Adult Contemporary Review: Find Out How Sick Life Can Really Be On "Happy Mutant Baby Pills"

Happy Mutant Baby PillsTitle:  Happy Mutant Baby Pills
Author:  Jerry Stahl
Format:  ERC
Length:  304 pages
Expected Date of Publication:  October 22, 2013
Publisher:  Harper Perennial
ISBN:

0061990507 (ISBN13: 9780061990502)
Rating:  5 stars
 

 From the acclaimed and controversial author of Permanent Midnight comes a savagely satiric novel about taking revenge on those who poison the world in order to sell the cure

Lloyd has a particular set of skills. He writes the small print for presciption drugs, marital aids, and incontinence products. The clients present him with a list of possible side effects, and his job is "to recite and minimize-sometimes by just saying them really fast-other times by finding the language that can render them acceptable." The results are ingenious. The methods diabolical.

Lloyd has a habit, too. He cops smack during coffee breaks at his new job writing copy for Christian Swingles, an online dating service for the faithful. He finds a precarious balance between hackwork and heroin until he encounters Nora, a mysterious and troubled young woman, a Sylvia Plath with tattoos and implants, who asks for his help.

Lloyd falls swiftly in love, but Nora bestows her affections at a cost. Before Lloyd clears his head from the fog of romance, he finds himself complicit in Nora's grand scheme to horrify the world, to exact revenge on those who poison the populace in order to sell them the cure.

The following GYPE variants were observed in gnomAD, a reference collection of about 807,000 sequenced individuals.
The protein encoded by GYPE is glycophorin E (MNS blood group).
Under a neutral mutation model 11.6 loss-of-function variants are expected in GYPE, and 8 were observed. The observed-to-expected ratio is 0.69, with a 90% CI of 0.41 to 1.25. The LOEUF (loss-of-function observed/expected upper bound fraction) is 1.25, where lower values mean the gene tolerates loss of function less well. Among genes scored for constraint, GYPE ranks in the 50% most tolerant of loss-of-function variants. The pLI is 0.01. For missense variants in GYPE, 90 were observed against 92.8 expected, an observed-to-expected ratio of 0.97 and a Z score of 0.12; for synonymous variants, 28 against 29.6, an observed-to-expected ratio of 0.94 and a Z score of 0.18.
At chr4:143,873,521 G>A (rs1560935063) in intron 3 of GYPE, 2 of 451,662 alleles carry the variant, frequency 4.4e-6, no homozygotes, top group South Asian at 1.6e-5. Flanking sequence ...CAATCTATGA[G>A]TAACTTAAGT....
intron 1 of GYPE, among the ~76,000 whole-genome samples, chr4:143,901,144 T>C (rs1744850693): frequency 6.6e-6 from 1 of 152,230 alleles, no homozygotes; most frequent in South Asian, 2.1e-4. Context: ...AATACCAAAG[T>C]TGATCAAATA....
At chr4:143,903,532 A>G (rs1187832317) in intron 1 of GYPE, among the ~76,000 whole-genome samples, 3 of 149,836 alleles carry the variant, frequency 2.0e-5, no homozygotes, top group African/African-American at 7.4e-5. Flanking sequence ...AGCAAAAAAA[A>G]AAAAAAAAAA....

Stahl's gleefully twisted, maniacally brilliant prose, will delight, appall, and prove, once again, that Stahl is "a better-than-Burroughs virtuoso" (New Yorker).  -Goodreads



My Thoughts
This can best best described as a very eye opening read.  If that is, you want to open your eyes to find that you have stumbled into the extremely interesting and chemically convoluted lives of a heroine addicted Lloyd, and his equally addicted, exponentially more self destructive, and just plain "nutcase" of a girlfriend, Nora.  

What this book is:
1.  An honest exploration of chemically induced insanity allowed to roam free.
2.  Proof that codependency is a bad thing.
3.  Examples of two very smart people doing very stupid things while using said intelligence to justify said insanity.
4.  A socially relevant, beautifully written, darkly comical look at one couple's greatest fears and the monsters that helped create them.

What this book is not:
1.  Run of the mill fiction.
2.  Mindless
3.  For everyone.

If you like your reads a little dark, a little disturbing, a little poignant, and a whole lot WTF?
Read this book.

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